So how can we make the best possible use of low-rates and fears in Europe?

    1. Refinance – Seriously, if you’ve yet to refinance, you’re missing out on what might be the best rate you have ever seen in your life (table to current rates in your state). Mortgage rates share a perfect correlation with the 10-year US Treasury, which rarely yields less than 2% per year.
    2. Rebalance – Unless you’re nearing retirement, you have to start accepting more risk in your investments. The reality is that bonds are trading for very lofty premiums, while inflation threatens your total potential return. While no one wants to pay too much for stocks, no one wants to pay too much for bonds, locking in a guaranteed loss when one considers the rate of inflation going forward. Countless dividend-paying stocks yield more than the 10-year US treasury yield, and despite their own premium, dividend-paying equities still have the opportunity for capital appreciation if stock markets rise.
    3. Leverage? – Those who haven’t been keeping pace with their retirement contributions might want to consider leveraging with a cash-out refinance or a longer amortization schedule on their mortgage. Given the tax benefits of mortgage debt and a paltry 30-year fixed rate of 4% for mortgage loans, it might be high time to think about playing catch up with other people’s money.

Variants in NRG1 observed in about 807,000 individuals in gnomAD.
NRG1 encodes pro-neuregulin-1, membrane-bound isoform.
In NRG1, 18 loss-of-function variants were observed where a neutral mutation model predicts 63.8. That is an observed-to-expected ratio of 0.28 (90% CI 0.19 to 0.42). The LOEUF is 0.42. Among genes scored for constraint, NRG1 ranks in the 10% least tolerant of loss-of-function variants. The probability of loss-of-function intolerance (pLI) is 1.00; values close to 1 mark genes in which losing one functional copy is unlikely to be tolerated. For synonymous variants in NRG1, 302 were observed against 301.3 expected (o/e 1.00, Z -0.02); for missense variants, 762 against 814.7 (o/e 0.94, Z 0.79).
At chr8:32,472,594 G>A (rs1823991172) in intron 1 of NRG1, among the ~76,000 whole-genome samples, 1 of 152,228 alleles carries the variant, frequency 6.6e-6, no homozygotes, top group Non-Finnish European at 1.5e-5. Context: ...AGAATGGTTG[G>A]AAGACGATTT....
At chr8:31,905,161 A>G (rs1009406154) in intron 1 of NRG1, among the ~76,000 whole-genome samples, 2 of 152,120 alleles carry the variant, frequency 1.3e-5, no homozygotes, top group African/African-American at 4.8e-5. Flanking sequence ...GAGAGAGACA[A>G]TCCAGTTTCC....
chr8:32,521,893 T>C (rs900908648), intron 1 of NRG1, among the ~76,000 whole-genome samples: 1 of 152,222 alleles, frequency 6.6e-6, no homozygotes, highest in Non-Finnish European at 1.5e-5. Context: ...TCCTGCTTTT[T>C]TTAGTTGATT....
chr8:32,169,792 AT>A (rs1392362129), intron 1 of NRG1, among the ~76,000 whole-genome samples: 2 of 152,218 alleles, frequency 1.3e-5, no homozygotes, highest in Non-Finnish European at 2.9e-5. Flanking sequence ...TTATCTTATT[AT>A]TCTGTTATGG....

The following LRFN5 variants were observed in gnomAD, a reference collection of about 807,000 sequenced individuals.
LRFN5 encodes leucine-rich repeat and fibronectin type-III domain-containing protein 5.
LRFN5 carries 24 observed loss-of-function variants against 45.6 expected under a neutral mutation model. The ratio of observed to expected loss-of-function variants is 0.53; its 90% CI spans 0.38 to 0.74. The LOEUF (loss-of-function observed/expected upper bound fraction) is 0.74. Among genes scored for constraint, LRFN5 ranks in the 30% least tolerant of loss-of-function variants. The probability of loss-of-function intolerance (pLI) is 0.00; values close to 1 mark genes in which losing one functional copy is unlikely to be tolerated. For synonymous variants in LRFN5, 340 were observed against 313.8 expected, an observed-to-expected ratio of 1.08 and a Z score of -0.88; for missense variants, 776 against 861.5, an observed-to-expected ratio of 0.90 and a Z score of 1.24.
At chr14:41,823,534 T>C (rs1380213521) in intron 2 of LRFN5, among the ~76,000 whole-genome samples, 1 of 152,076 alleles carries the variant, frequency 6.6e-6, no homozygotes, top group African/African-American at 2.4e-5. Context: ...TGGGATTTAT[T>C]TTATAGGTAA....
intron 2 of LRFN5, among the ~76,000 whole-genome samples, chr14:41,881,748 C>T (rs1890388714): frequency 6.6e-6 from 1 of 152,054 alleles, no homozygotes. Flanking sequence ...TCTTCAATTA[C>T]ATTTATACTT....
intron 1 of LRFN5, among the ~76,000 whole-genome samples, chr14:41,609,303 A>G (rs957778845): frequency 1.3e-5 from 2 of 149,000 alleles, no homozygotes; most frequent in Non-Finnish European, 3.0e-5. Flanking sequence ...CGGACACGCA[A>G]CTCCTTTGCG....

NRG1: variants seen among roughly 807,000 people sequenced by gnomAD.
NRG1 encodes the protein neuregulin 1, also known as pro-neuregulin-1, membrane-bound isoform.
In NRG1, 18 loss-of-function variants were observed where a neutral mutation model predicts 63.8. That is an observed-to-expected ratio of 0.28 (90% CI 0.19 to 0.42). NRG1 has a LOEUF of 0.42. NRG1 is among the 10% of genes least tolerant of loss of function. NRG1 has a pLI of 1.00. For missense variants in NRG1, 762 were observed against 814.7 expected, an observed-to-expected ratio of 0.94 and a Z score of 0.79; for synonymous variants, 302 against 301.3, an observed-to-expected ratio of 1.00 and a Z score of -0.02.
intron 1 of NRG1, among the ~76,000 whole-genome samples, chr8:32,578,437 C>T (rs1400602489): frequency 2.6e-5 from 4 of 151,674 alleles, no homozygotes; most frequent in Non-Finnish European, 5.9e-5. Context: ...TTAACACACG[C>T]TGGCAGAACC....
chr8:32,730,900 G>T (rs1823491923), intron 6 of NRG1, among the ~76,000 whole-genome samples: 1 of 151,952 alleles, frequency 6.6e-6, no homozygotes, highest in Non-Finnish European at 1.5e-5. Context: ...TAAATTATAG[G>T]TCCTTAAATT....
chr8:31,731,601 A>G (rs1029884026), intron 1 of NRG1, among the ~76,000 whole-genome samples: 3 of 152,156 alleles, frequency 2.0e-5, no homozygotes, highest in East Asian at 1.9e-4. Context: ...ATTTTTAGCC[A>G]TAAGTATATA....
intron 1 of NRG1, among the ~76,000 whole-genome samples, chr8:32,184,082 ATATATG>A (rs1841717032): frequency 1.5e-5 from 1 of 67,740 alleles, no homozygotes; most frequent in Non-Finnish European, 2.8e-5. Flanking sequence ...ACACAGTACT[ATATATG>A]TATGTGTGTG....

Events like these don’t happen very often. Generally, bond yields should rise as stocks rally, but the current market is breaking from historical norms.

How do you plan to use low rates?

Have you rebalanced your retirement to reduce bond exposure to increase stock exposure?

Do you think low rates are sustainable for the long term?

{ 6 comments… read them below or add one }

AverageJoe May 15, 2012 at 8:49 pm

I’ve ignored treasuries in favor of high yield. The risk in the HY index isn’t much higher (I didn’t believe that fact at first, but then saw the stats….incredible) and returns are much higher. I’m with you, JT….yields are incredibly depressing, unless you’re a homeowner!


JT May 16, 2012 at 1:47 pm

You’re always rewarded disproportionately for taking on more risk, in my view. The real risk is playing it too safe. It’s easy to say that high yield indexes provide maybe 1-2% more in returns. But if inflation going forward is 1.5%, treasuries yield…say, 2%, and high yield indexes yield 4%, the difference isn’t just 200 basis points. The difference is the real rate of return, which is 5x higher in high-yield indexes than Treasuries (50bp vs. 250bps).



Financial Samurai May 16, 2012 at 2:09 am

JT, what to do? You’ve got to convince Darwin to stop being scared about inflation!


JT May 16, 2012 at 1:43 pm